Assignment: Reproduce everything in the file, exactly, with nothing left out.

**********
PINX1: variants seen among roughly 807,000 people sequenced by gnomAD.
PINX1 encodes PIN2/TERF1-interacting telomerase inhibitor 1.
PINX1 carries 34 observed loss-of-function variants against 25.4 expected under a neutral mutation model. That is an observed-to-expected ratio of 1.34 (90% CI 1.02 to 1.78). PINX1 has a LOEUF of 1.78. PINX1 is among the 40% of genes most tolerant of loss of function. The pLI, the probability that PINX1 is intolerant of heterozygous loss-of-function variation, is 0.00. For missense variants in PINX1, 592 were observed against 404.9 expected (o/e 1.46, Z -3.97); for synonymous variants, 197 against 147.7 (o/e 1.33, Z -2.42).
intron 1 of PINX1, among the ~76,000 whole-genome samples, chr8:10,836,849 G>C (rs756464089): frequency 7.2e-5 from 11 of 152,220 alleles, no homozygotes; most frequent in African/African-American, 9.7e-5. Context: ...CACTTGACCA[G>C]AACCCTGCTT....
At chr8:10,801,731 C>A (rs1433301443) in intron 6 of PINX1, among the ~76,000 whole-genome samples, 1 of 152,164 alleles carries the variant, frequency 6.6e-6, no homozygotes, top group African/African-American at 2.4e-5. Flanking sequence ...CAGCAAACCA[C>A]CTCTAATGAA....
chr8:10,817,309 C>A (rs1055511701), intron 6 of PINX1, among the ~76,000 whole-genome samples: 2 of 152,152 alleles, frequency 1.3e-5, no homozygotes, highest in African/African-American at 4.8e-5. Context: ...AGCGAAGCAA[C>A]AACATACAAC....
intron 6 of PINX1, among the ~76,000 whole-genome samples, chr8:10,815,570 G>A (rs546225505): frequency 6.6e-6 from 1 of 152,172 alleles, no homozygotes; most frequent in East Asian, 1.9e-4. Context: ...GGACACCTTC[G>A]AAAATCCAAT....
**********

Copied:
PINX1: variants seen among roughly 807,000 people sequenced by gnomAD.
PINX1 encodes PIN2/TERF1-interacting telomerase inhibitor 1.
PINX1 carries 34 observed loss-of-function variants against 25.4 expected under a neutral mutation model. That is an observed-to-expected ratio of 1.34 (90% CI 1.02 to 1.78). PINX1 has a LOEUF of 1.78. PINX1 is among the 40% of genes most tolerant of loss of function. The pLI, the probability that PINX1 is intolerant of heterozygous loss-of-function variation, is 0.00. For missense variants in PINX1, 592 were observed against 404.9 expected (o/e 1.46, Z -3.97); for synonymous variants, 197 against 147.7 (o/e 1.33, Z -2.42).
intron 1 of PINX1, among the ~76,000 whole-genome samples, chr8:10,836,849 G>C (rs756464089): frequency 7.2e-5 from 11 of 152,220 alleles, no homozygotes; most frequent in African/African-American, 9.7e-5. Context: ...CACTTGACCA[G>C]AACCCTGCTT....
At chr8:10,801,731 C>A (rs1433301443) in intron 6 of PINX1, among the ~76,000 whole-genome samples, 1 of 152,164 alleles carries the variant, frequency 6.6e-6, no homozygotes, top group African/African-American at 2.4e-5. Flanking sequence ...CAGCAAACCA[C>A]CTCTAATGAA....
chr8:10,817,309 C>A (rs1055511701), intron 6 of PINX1, among the ~76,000 whole-genome samples: 2 of 152,152 alleles, frequency 1.3e-5, no homozygotes, highest in African/African-American at 4.8e-5. Context: ...AGCGAAGCAA[C>A]AACATACAAC....
intron 6 of PINX1, among the ~76,000 whole-genome samples, chr8:10,815,570 G>A (rs546225505): frequency 6.6e-6 from 1 of 152,172 alleles, no homozygotes; most frequent in East Asian, 1.9e-4. Context: ...GGACACCTTC[G>A]AAAATCCAAT....